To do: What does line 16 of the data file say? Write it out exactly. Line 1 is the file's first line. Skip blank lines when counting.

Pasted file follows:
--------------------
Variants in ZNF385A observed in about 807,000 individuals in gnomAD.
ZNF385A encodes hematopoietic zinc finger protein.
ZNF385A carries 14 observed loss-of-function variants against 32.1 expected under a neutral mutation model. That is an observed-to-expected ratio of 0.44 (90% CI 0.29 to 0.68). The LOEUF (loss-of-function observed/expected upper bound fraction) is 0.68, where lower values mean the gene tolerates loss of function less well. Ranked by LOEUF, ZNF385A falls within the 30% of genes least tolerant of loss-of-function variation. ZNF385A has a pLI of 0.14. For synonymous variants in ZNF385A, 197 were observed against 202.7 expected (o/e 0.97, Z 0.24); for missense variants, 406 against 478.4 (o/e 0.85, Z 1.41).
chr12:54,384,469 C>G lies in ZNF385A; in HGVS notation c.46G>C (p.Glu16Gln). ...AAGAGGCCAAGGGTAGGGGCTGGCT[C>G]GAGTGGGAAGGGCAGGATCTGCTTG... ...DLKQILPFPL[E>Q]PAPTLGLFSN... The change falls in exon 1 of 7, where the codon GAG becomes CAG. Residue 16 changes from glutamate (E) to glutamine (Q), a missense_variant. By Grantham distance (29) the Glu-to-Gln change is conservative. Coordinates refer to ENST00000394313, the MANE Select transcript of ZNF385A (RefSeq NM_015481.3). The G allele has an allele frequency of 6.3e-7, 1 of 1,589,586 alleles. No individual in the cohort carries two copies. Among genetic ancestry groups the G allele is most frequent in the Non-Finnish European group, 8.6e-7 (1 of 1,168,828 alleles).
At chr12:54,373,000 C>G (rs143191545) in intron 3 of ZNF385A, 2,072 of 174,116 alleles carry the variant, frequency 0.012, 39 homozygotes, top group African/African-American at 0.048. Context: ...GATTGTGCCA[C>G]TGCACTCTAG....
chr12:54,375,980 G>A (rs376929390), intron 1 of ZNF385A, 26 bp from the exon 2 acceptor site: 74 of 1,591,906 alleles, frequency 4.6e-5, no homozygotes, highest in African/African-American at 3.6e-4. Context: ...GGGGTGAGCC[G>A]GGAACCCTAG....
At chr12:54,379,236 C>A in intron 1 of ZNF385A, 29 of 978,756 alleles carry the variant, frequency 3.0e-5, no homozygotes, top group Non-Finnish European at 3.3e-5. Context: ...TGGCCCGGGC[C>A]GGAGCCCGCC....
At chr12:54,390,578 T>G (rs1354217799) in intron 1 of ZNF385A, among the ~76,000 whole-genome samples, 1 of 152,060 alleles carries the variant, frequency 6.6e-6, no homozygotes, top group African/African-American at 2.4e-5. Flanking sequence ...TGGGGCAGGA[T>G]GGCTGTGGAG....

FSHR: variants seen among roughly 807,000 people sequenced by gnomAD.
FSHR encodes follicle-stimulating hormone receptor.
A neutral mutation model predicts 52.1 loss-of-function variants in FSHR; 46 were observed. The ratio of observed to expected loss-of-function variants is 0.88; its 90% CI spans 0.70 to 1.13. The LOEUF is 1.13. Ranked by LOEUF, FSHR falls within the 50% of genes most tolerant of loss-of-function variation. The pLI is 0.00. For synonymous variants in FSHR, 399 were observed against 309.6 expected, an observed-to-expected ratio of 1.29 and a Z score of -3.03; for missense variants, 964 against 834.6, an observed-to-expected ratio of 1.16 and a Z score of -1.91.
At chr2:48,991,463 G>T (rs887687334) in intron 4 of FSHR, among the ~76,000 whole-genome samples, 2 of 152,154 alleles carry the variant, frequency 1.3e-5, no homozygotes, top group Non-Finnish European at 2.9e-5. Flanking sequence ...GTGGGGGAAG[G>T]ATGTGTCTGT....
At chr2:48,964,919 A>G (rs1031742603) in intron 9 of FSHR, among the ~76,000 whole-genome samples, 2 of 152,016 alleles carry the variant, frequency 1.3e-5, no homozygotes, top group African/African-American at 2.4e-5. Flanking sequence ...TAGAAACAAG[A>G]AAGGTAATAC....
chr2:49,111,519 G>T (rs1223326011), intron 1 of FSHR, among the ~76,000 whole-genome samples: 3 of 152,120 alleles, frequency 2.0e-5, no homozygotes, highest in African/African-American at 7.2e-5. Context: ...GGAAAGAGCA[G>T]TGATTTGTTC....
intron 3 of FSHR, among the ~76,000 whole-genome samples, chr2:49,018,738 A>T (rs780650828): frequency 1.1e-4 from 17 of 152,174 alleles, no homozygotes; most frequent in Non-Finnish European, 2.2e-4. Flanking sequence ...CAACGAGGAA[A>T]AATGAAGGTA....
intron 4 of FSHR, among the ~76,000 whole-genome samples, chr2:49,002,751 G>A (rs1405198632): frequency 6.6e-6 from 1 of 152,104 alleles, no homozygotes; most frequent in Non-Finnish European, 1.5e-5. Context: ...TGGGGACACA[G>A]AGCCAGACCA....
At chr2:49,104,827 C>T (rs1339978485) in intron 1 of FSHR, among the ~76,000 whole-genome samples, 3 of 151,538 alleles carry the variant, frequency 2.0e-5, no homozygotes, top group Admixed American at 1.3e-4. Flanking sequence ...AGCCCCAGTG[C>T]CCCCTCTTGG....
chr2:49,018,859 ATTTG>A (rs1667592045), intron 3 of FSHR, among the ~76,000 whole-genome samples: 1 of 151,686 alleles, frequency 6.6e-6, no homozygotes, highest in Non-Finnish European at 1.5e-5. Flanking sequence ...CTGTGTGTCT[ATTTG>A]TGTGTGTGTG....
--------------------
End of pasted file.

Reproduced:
intron 4 of FSHR, among the ~76,000 whole-genome samples, chr2:49,002,751 G>A (rs1405198632): frequency 6.6e-6 from 1 of 152,104 alleles, no homozygotes; most frequent in Non-Finnish European, 1.5e-5. Context: ...TGGGGACACA[G>A]AGCCAGACCA....